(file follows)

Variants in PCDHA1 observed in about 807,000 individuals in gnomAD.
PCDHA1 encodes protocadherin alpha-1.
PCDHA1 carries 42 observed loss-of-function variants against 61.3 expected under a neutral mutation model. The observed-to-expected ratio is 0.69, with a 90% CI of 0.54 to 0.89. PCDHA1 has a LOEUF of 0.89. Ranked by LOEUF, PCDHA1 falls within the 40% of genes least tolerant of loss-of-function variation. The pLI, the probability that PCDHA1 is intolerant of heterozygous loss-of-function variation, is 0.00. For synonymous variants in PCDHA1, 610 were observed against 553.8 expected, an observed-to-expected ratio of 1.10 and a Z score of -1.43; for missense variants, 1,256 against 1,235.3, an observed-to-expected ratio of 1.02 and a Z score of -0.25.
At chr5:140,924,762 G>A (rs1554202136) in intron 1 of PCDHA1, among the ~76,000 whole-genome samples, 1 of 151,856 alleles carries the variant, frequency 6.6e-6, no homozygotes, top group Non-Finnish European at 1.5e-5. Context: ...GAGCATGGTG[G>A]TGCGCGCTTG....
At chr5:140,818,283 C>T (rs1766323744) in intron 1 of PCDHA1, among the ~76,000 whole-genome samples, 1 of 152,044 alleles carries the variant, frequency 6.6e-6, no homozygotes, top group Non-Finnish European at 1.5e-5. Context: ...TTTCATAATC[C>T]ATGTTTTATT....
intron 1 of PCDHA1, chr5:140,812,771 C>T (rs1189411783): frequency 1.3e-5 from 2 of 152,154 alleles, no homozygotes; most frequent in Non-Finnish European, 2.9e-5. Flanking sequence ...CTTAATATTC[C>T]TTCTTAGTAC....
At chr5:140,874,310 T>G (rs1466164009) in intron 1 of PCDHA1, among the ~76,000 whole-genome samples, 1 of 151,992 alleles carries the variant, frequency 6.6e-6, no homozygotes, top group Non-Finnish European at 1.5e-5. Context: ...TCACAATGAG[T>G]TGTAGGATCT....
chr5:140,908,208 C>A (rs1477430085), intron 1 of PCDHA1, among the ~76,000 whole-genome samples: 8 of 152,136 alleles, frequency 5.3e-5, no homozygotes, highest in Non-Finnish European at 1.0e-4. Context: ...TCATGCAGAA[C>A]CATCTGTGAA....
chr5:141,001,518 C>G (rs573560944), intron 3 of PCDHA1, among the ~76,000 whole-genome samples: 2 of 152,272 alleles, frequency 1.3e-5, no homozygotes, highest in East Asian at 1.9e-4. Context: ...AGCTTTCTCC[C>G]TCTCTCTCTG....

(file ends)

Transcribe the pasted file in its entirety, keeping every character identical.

Variants in PCDHA1 observed in about 807,000 individuals in gnomAD.
PCDHA1 encodes protocadherin alpha-1.
PCDHA1 carries 42 observed loss-of-function variants against 61.3 expected under a neutral mutation model. The observed-to-expected ratio is 0.69, with a 90% CI of 0.54 to 0.89. PCDHA1 has a LOEUF of 0.89. Ranked by LOEUF, PCDHA1 falls within the 40% of genes least tolerant of loss-of-function variation. The pLI, the probability that PCDHA1 is intolerant of heterozygous loss-of-function variation, is 0.00. For synonymous variants in PCDHA1, 610 were observed against 553.8 expected, an observed-to-expected ratio of 1.10 and a Z score of -1.43; for missense variants, 1,256 against 1,235.3, an observed-to-expected ratio of 1.02 and a Z score of -0.25.
At chr5:140,924,762 G>A (rs1554202136) in intron 1 of PCDHA1, among the ~76,000 whole-genome samples, 1 of 151,856 alleles carries the variant, frequency 6.6e-6, no homozygotes, top group Non-Finnish European at 1.5e-5. Context: ...GAGCATGGTG[G>A]TGCGCGCTTG....
At chr5:140,818,283 C>T (rs1766323744) in intron 1 of PCDHA1, among the ~76,000 whole-genome samples, 1 of 152,044 alleles carries the variant, frequency 6.6e-6, no homozygotes, top group Non-Finnish European at 1.5e-5. Context: ...TTTCATAATC[C>T]ATGTTTTATT....
intron 1 of PCDHA1, chr5:140,812,771 C>T (rs1189411783): frequency 1.3e-5 from 2 of 152,154 alleles, no homozygotes; most frequent in Non-Finnish European, 2.9e-5. Flanking sequence ...CTTAATATTC[C>T]TTCTTAGTAC....
At chr5:140,874,310 T>G (rs1466164009) in intron 1 of PCDHA1, among the ~76,000 whole-genome samples, 1 of 151,992 alleles carries the variant, frequency 6.6e-6, no homozygotes, top group Non-Finnish European at 1.5e-5. Context: ...TCACAATGAG[T>G]TGTAGGATCT....
chr5:140,908,208 C>A (rs1477430085), intron 1 of PCDHA1, among the ~76,000 whole-genome samples: 8 of 152,136 alleles, frequency 5.3e-5, no homozygotes, highest in Non-Finnish European at 1.0e-4. Context: ...TCATGCAGAA[C>A]CATCTGTGAA....
chr5:141,001,518 C>G (rs573560944), intron 3 of PCDHA1, among the ~76,000 whole-genome samples: 2 of 152,272 alleles, frequency 1.3e-5, no homozygotes, highest in East Asian at 1.9e-4. Context: ...AGCTTTCTCC[C>G]TCTCTCTCTG....